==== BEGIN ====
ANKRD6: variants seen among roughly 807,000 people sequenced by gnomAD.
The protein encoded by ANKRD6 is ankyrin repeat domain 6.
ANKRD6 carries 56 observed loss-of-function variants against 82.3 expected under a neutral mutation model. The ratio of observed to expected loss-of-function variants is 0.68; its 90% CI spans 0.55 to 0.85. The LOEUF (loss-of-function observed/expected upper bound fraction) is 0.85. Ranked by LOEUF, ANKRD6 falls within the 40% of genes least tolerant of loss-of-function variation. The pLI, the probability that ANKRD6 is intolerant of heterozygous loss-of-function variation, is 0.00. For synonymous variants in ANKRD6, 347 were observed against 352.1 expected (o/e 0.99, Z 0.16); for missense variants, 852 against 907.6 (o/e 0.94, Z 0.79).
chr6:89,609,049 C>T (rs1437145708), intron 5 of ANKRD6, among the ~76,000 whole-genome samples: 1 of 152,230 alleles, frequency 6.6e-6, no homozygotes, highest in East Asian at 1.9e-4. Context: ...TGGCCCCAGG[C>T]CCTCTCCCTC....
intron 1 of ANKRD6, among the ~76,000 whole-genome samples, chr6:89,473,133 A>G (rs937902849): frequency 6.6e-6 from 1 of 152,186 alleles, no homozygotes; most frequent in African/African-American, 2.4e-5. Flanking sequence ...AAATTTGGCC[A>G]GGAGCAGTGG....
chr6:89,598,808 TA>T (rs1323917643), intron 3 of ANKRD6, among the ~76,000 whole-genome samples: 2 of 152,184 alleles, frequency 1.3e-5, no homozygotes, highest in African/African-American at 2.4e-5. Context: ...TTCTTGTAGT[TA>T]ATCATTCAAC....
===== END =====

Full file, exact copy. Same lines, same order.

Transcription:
ANKRD6: variants seen among roughly 807,000 people sequenced by gnomAD.
The protein encoded by ANKRD6 is ankyrin repeat domain 6.
ANKRD6 carries 56 observed loss-of-function variants against 82.3 expected under a neutral mutation model. The ratio of observed to expected loss-of-function variants is 0.68; its 90% CI spans 0.55 to 0.85. The LOEUF (loss-of-function observed/expected upper bound fraction) is 0.85. Ranked by LOEUF, ANKRD6 falls within the 40% of genes least tolerant of loss-of-function variation. The pLI, the probability that ANKRD6 is intolerant of heterozygous loss-of-function variation, is 0.00. For synonymous variants in ANKRD6, 347 were observed against 352.1 expected (o/e 0.99, Z 0.16); for missense variants, 852 against 907.6 (o/e 0.94, Z 0.79).
chr6:89,609,049 C>T (rs1437145708), intron 5 of ANKRD6, among the ~76,000 whole-genome samples: 1 of 152,230 alleles, frequency 6.6e-6, no homozygotes, highest in East Asian at 1.9e-4. Context: ...TGGCCCCAGG[C>T]CCTCTCCCTC....
intron 1 of ANKRD6, among the ~76,000 whole-genome samples, chr6:89,473,133 A>G (rs937902849): frequency 6.6e-6 from 1 of 152,186 alleles, no homozygotes; most frequent in African/African-American, 2.4e-5. Flanking sequence ...AAATTTGGCC[A>G]GGAGCAGTGG....
chr6:89,598,808 TA>T (rs1323917643), intron 3 of ANKRD6, among the ~76,000 whole-genome samples: 2 of 152,184 alleles, frequency 1.3e-5, no homozygotes, highest in African/African-American at 2.4e-5. Context: ...TTCTTGTAGT[TA>T]ATCATTCAAC....